How have the Leafs fared sans Reimer?

News broke out of Dallas yesterday morning that James Reimer occupied the home net at Maple Leafs practice on Thursday morning. Not being a beat-writer, but taking my cues from the guys who are, I guess this presumes that Reimer will see some sort of game action soon, although Jonas Siegel speculates at TSN that it could take as many as ten days.

So how has Toronto fared in the absence of one Jimmy Reimer?

Well, they went 5-2 before Reimer went out (including the Montreal game in which he was injured) and since have gone just 7-8 since. Jonas Gustavsson has picked up the reins over Ben Scrivens and has a .914 even strength save percentage throughout the season, though that went up to .918 since he picked up the reins over Reimer. As for Scrivens, has him at a .909 even strength save percentage while has him down for a .913.

Neither of those numbers are good enough for NHL-level teams. Pascal Leclaire and Antero Niittymaki were two goalies who “earned” a .914 save percentage at even strength last season, and Ben Scrivens’ .909-.913 puts him somewhere in the region of Alex Auld, Steve Mason or Andrew Raycroft.

Conversely, Reimer’s .933 from last season, albeit in a small sample, was one of the best clips afforded by NHL goalies last season, a number right up there with Roberto Luongo and Pekka Rinne. There is no question that he is the Leafs number one man and key to their success.

But, according to timeonice, the Leafs goaltending at even strength in Reimer’s absence was actually quite remarkable. Post-Montreal, the team received a .921, which would have had the Leafs at 11th-best in the NHL last season. Far from being a hindrance, the even strength goaltending was really an asset to the Leafs and helped them keep in contention.

So why the lower record?

  • Shooting percentage: The Leafs had shot 11.9% at even strength in games in which Reimer has appeared and have regressed to 8.3% since. There may be something to be said about a good goaltender maybe being able to open up your style of play (the Leafs shot 9.9% in front of Reimer last season compared to 7.0% in front of other goalies) but that certainly wasn’t the case the early going this season. (The Leafs shot 13.5% in front of Gustavsson in the early going and 9.9% in front of Reimer) The Leafs went through a brief slump of regression as expected.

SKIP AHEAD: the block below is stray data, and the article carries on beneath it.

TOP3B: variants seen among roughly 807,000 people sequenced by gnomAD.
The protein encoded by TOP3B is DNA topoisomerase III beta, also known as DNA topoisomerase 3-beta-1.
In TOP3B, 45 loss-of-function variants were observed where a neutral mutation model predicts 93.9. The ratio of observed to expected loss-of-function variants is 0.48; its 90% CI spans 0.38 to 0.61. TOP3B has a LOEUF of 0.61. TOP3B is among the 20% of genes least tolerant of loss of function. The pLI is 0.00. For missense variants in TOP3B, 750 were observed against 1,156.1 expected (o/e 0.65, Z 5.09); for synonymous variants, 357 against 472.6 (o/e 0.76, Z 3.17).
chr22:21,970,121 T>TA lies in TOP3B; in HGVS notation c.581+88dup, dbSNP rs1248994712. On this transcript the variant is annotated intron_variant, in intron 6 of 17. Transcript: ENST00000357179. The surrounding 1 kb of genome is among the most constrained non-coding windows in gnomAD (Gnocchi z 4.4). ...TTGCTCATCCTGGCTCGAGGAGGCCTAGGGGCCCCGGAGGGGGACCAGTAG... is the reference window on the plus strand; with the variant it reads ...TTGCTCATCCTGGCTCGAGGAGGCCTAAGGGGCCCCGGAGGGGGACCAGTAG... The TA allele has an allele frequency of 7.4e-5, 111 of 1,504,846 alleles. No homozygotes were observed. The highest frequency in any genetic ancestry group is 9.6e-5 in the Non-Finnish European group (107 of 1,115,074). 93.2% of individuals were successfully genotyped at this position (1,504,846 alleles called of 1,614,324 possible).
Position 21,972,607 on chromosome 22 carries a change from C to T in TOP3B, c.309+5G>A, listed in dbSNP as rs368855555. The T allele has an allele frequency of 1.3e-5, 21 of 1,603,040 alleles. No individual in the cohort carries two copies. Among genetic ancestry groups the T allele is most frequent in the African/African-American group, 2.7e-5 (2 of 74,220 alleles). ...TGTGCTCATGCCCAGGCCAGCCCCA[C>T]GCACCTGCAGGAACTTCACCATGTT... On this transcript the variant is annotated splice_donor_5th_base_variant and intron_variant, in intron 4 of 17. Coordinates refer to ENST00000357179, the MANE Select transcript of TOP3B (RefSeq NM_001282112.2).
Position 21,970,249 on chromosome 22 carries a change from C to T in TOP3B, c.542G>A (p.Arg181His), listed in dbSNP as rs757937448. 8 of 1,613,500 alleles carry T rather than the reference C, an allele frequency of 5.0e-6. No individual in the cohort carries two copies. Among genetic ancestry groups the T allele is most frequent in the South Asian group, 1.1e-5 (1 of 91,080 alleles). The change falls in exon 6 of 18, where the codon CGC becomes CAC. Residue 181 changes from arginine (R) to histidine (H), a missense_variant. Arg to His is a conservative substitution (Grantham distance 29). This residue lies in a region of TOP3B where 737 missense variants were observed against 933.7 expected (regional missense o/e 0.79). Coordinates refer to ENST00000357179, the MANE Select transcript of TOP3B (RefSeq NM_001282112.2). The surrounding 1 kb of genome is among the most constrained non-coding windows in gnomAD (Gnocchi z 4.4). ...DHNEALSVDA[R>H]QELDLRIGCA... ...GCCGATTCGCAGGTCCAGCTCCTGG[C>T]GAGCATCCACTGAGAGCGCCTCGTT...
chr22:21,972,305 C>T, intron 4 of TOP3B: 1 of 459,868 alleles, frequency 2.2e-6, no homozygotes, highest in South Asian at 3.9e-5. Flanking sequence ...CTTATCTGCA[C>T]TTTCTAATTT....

• Penalties: It’s simplistic to say that your goaltender has to be your best penalty killer. If that were the case, the Leafs’ best goaltender would be their best penalty killer, but Toronto made no more saves with Reimer in net (.808 SV% this season) than with Gustavsson (.814 SV%) or Scrivens (.867 SV%) on the penalty kill this season. Yet, the Leafs have allowed .955 powerplay goals against per 60 minutes with Gustavsson and Scrivens in net versus .737 per 60 with Reimer. Why the reason for the discrepancy? The only explination I can think of is that the team is taking more penalties in general, or allowing more shots on the PK. Either way, both of those problems are fixable regardless of who is in net.

Those are two problems I foresee for Toronto that can’t rectify themselves just by getting Reimer in net. Any team can get hit by the variance train and the Leafs penalty-killing is still just awful to watch. A little bit of goal support has helped in the Leafs’ last two wins, as Jonas Gustavsson benefit from having 14 goals scored for him in two starts, and, despite close losses to Phoenix and Carolina (as well as a pretty complete game against Nashville, even though it was a 4-1 loss) the Leafs are playing quite well in last while. Reimer should give a jolt to the team as far as even strength goal differential goes, but the team’s regresion to .500 play since his injury have been more than goalie-related.